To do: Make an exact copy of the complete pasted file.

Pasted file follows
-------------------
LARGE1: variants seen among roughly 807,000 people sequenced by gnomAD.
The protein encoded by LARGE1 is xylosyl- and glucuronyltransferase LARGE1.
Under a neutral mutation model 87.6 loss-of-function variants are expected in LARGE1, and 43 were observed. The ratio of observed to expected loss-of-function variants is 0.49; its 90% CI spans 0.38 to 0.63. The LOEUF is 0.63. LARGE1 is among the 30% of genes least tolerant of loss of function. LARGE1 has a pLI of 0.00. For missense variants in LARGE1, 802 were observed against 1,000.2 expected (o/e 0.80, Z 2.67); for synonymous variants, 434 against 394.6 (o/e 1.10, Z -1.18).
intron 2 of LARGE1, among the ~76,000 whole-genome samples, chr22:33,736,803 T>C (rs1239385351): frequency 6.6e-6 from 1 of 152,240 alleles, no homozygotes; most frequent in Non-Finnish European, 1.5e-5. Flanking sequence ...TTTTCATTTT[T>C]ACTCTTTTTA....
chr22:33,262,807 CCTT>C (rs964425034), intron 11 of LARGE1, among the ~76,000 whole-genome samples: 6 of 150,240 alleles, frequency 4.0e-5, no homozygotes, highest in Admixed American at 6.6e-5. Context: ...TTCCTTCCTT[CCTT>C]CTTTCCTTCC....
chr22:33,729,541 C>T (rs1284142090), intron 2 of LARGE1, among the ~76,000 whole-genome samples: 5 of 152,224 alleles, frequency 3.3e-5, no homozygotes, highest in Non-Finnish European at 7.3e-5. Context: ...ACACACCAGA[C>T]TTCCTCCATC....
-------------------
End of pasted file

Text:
LARGE1: variants seen among roughly 807,000 people sequenced by gnomAD.
The protein encoded by LARGE1 is xylosyl- and glucuronyltransferase LARGE1.
Under a neutral mutation model 87.6 loss-of-function variants are expected in LARGE1, and 43 were observed. The ratio of observed to expected loss-of-function variants is 0.49; its 90% CI spans 0.38 to 0.63. The LOEUF is 0.63. LARGE1 is among the 30% of genes least tolerant of loss of function. LARGE1 has a pLI of 0.00. For missense variants in LARGE1, 802 were observed against 1,000.2 expected (o/e 0.80, Z 2.67); for synonymous variants, 434 against 394.6 (o/e 1.10, Z -1.18).
intron 2 of LARGE1, among the ~76,000 whole-genome samples, chr22:33,736,803 T>C (rs1239385351): frequency 6.6e-6 from 1 of 152,240 alleles, no homozygotes; most frequent in Non-Finnish European, 1.5e-5. Flanking sequence ...TTTTCATTTT[T>C]ACTCTTTTTA....
chr22:33,262,807 CCTT>C (rs964425034), intron 11 of LARGE1, among the ~76,000 whole-genome samples: 6 of 150,240 alleles, frequency 4.0e-5, no homozygotes, highest in Admixed American at 6.6e-5. Context: ...TTCCTTCCTT[CCTT>C]CTTTCCTTCC....
chr22:33,729,541 C>T (rs1284142090), intron 2 of LARGE1, among the ~76,000 whole-genome samples: 5 of 152,224 alleles, frequency 3.3e-5, no homozygotes, highest in Non-Finnish European at 7.3e-5. Context: ...ACACACCAGA[C>T]TTCCTCCATC....